1 Insuffiecient normative basis
Ineffective financing model
The existing normative basis at federal level is insufficient to cover the complexity and risks of alternative forms of financing in the ETH Domain. For future financing models, greater attention is to be paid to the economic effectiveness of these structures. The SFAO welcomes the guidelines on investor models for the realisation of real estate projects in the ETH Domain, which were approved in December 2015. To improve its fulfilment of the role of owner representative of the Confederation, the SFAO recommends that the Federal Finance Administration (FFA) ensure the flow of information on the development and application of alternative financing models as part of the development of the Federal Council's strategic objectives for the ETH Domain for 2017 to 2020.
2 Lack of early planning of funding
Risk: unused advantages of take over rights
On the Lausanne campus, some CHF 358 million was invested by third parties for the projects "Quartier de l'innovation" (QIE) and "Quartier Nord de l'EPFL" (QNE). The buildings constructed with building rights granted by the Confederation are being leased by the EPFL for 30 years. At the end of the 30 years, the Confederation may prematurely take over the buildings and terminate the 99- year building rights. The SFAO considers it advantageous to exercise this right.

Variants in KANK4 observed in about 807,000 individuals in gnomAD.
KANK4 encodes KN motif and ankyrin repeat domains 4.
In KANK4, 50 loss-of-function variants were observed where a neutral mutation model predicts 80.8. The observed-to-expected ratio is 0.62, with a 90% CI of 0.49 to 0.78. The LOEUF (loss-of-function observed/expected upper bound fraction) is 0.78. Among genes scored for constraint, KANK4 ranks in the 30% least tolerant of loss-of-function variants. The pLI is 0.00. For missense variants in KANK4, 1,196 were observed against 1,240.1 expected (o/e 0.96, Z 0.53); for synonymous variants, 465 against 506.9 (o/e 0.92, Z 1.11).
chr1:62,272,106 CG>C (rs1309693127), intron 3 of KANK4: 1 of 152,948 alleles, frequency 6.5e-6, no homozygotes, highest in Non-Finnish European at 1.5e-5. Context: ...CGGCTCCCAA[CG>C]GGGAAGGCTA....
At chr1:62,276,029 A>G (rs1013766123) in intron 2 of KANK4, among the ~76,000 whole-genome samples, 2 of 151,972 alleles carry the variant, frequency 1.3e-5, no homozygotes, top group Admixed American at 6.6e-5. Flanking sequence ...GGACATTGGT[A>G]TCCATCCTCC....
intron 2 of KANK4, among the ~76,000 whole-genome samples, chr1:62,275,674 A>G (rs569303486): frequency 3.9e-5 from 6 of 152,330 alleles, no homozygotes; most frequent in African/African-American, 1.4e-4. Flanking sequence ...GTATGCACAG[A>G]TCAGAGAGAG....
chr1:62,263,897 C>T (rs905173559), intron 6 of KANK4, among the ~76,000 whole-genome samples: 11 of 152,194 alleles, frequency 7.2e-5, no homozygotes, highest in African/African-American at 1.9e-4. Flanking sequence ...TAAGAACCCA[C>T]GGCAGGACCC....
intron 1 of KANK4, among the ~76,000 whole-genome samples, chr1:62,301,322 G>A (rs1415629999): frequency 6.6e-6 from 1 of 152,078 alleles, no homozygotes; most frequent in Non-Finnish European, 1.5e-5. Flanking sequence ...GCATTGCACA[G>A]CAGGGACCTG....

Nevertheless, the reversion would entail a considerable financing requirement of an estimated CHF 380 million (index-linked, including repairs) for the ETH. If the SFAO's opinion regarding a premature exit from financing is confirmed, early planning of funding will be essential.
The congress center (SwissTech Convention Center as part of the QNE) is in deficit, and the SFAO analysis shows that it has a significantly negative net present value. The planned improvement of its utilisation seems challenging, and there is the risk of sustained losses if countermeasures are not taken.
With a carrying amount of some CHF 4.6 billion, the ETH Domain has one of the Confederation's largest real estate portfolios. The buildings serve various purposes, and some also satisfy infrastructure needs other than pure research and teaching (e.g. student accommodation). Alternative financing through third parties may be offered in cases such as these.
The Swiss Federal Audit Office (SFAO) analysed a total of five projects of this kind at the EPFL and ETH Zurich. The analyses focused on auditing the appropriateness of the conditions granted to investors and the possible financial consequences for the ETH and the Confederation. The models selected and the parameters applied for this are an approximation of reality. Consequently, there is a degree of uncertainty surrounding the results.